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Society of Mind

10.6 about piaget's experiments

Although Piaget's experiments about conservation of quantity have been confirmed as thoroughly as any in psychology, we can appreciate why many people are skeptical when they first hear of these discoveries. They contradict the traditional assumption that children are much like adults, except more ignorant. How strange it is that in all the centuries of history, these phenomena went unnoticed until Piaget — as though no one had ever watched a child carefully! But it has always been that way with science. Why did it take so long for our thinkers to discover such simple ideas as Isaac Newton's laws of motion or Darwin's idea of natural selection? Here are some frequent challenges.

Parent: Couldn't it be that younger children use words in ways that do not mean the same things to adults? Perhaps they simply take Which is more? to mean Which is higher? or Which is longer?

Careful experiments show that this can't be entirely a matter of words. We can offer the same choices, wordlessly, yet most younger children will still reach out for taller, thinner jars of orange juice or stretched-out rows of candy eggs.

Critic: What happens when Appearance and History conflict? Won't that paralyze your whole Society-of-More?

It would indeed — unless More has yet other levels and alternatives. And adults have other kinds of explanations — like magic, evaporation, or theft. But indeed, stage magicians find that making things disappear does not entertain the youngest children; presumably they are too used to encountering the unexplainable. What happens when More cannot decide what to do? That depends upon the states of other agencies — including those involved in dealing with frustration, restlessness, and boredom.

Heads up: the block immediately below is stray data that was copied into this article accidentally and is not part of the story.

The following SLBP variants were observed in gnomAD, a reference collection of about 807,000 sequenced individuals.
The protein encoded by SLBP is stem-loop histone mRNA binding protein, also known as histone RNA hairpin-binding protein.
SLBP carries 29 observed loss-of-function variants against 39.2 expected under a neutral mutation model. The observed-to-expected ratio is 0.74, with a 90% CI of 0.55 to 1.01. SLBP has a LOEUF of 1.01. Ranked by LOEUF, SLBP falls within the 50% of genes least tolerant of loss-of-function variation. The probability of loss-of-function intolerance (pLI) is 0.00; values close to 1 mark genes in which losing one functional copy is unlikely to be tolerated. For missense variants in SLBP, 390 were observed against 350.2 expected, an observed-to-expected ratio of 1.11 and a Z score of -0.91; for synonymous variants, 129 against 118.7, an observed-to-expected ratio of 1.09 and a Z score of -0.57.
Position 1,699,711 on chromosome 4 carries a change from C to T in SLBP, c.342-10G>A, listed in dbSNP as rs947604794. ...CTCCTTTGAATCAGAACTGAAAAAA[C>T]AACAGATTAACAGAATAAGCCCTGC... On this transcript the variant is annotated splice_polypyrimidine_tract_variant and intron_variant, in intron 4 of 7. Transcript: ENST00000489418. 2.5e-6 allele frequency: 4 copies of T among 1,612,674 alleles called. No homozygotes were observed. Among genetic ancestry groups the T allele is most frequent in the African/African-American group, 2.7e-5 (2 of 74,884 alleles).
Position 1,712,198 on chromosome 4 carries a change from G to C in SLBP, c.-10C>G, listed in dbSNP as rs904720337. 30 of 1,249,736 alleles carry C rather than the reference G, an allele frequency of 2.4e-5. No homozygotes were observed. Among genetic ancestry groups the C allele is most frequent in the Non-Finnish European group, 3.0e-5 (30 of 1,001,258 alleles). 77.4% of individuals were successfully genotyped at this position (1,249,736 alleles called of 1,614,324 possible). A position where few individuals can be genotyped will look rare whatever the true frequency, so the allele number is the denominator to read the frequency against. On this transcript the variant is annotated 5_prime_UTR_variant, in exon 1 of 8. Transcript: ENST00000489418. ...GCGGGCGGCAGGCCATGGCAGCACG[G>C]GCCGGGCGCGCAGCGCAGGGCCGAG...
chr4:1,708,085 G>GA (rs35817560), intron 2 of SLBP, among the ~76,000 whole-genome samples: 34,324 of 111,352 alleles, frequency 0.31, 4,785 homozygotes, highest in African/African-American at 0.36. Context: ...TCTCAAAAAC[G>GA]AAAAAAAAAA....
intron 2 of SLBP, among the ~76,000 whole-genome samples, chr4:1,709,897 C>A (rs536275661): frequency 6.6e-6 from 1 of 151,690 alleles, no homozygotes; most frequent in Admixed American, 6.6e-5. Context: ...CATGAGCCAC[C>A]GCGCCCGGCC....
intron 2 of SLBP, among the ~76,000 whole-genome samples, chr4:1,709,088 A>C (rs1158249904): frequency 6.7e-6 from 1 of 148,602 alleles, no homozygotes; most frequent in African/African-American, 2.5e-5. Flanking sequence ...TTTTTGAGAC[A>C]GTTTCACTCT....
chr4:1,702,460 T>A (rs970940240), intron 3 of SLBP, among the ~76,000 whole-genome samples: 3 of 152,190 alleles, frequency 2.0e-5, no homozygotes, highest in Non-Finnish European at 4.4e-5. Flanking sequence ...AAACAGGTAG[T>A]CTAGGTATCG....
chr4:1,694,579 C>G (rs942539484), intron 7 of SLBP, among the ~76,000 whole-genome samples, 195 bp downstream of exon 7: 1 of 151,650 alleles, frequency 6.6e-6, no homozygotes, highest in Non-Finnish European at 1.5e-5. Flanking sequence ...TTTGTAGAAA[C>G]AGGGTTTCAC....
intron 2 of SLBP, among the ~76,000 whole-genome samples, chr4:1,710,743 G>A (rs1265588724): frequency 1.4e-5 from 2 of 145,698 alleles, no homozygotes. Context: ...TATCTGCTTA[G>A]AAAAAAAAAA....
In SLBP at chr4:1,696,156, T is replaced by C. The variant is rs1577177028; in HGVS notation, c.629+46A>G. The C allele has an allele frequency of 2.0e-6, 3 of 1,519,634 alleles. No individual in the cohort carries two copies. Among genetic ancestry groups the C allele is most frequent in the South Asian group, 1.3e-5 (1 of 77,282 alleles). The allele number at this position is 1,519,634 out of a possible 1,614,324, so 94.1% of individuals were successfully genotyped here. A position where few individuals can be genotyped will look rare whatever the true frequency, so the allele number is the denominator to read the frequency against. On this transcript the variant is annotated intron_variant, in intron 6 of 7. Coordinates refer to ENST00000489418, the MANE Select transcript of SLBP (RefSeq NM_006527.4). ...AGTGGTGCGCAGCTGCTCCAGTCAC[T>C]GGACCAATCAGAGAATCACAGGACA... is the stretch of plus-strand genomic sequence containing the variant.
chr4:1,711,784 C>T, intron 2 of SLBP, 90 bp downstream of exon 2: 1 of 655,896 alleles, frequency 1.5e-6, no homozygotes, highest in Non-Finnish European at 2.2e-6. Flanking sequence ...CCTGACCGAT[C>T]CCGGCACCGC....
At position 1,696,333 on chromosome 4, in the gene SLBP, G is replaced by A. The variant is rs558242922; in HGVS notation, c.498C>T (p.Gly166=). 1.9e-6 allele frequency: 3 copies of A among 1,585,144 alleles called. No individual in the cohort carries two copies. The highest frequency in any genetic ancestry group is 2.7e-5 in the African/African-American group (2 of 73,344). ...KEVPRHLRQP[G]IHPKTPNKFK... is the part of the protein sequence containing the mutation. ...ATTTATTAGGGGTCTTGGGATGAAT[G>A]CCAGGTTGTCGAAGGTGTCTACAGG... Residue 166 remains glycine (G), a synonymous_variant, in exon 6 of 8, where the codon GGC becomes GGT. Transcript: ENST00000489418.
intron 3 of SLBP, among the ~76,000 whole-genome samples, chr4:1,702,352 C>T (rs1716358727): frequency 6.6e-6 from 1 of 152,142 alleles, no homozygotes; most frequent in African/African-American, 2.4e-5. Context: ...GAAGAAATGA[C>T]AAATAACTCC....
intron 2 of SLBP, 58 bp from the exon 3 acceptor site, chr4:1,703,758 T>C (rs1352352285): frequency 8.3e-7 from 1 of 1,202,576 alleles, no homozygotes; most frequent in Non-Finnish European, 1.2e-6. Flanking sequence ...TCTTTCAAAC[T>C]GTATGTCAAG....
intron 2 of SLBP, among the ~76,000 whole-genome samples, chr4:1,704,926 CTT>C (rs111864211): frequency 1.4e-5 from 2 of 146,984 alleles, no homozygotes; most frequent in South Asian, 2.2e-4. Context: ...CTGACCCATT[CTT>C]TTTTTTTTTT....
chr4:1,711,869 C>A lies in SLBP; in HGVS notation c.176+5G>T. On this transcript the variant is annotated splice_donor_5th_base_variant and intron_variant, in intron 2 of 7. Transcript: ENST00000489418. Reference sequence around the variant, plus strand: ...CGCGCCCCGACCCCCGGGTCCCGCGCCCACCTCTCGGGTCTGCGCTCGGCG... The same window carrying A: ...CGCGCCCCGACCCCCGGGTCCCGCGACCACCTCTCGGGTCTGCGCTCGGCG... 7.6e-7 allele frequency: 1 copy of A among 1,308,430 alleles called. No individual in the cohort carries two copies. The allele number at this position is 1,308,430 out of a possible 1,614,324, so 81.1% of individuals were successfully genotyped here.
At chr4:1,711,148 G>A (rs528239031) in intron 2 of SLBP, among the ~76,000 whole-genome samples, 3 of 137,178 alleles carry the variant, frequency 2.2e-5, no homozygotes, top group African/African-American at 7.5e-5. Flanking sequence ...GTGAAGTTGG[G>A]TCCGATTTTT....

Psychologist: We've heard of recent evidence that, despite what Piaget said, very young children do have concepts of

quantity; many of them can even count those eggs. Doesn't that refute some of Piaget's discoveries? Not necessarily. Consider that no one disputes the outcomes of those jar and cup experiments. What is the significance, then, of evidence that the young children do possess methods that could give correct answers — and yet they do not use those abilities? As far as I can see, such evidence would only further support the need for explanations like those of Papert and Piaget.

Biologist: Your theory might explain how some children could acquire those concepts about quantities — but it doesn't explain why all children end up with such similar abilities! Could we be born with built-in genes that make brains do this automatically?

This is a profound question. It is hard — but not impossible — to imagine how genes could directly influence the higher-level ideas and conceptions that we eventually learn. We'll discuss this in the appendix at the end of this book.